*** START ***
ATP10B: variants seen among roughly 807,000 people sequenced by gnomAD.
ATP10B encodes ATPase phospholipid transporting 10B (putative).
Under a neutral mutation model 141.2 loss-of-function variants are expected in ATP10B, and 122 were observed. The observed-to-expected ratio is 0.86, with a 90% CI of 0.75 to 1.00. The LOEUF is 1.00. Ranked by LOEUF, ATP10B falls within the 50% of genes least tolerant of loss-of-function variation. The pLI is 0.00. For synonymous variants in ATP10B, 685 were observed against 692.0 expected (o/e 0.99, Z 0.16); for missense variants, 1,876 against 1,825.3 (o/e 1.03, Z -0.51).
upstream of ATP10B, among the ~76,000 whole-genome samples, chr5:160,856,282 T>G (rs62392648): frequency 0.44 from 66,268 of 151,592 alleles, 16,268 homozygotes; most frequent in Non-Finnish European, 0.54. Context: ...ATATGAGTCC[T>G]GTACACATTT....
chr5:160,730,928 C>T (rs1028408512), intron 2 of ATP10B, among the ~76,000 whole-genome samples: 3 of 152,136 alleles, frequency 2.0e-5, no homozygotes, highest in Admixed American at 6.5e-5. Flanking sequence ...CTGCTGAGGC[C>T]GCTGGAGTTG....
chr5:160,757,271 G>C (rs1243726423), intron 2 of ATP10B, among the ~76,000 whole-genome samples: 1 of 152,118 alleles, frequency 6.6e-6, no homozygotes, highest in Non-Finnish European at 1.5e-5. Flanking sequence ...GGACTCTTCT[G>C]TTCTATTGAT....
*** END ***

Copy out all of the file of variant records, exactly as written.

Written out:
ATP10B: variants seen among roughly 807,000 people sequenced by gnomAD.
ATP10B encodes ATPase phospholipid transporting 10B (putative).
Under a neutral mutation model 141.2 loss-of-function variants are expected in ATP10B, and 122 were observed. The observed-to-expected ratio is 0.86, with a 90% CI of 0.75 to 1.00. The LOEUF is 1.00. Ranked by LOEUF, ATP10B falls within the 50% of genes least tolerant of loss-of-function variation. The pLI is 0.00. For synonymous variants in ATP10B, 685 were observed against 692.0 expected (o/e 0.99, Z 0.16); for missense variants, 1,876 against 1,825.3 (o/e 1.03, Z -0.51).
upstream of ATP10B, among the ~76,000 whole-genome samples, chr5:160,856,282 T>G (rs62392648): frequency 0.44 from 66,268 of 151,592 alleles, 16,268 homozygotes; most frequent in Non-Finnish European, 0.54. Context: ...ATATGAGTCC[T>G]GTACACATTT....
chr5:160,730,928 C>T (rs1028408512), intron 2 of ATP10B, among the ~76,000 whole-genome samples: 3 of 152,136 alleles, frequency 2.0e-5, no homozygotes, highest in Admixed American at 6.5e-5. Flanking sequence ...CTGCTGAGGC[C>T]GCTGGAGTTG....
chr5:160,757,271 G>C (rs1243726423), intron 2 of ATP10B, among the ~76,000 whole-genome samples: 1 of 152,118 alleles, frequency 6.6e-6, no homozygotes, highest in Non-Finnish European at 1.5e-5. Flanking sequence ...GGACTCTTCT[G>C]TTCTATTGAT....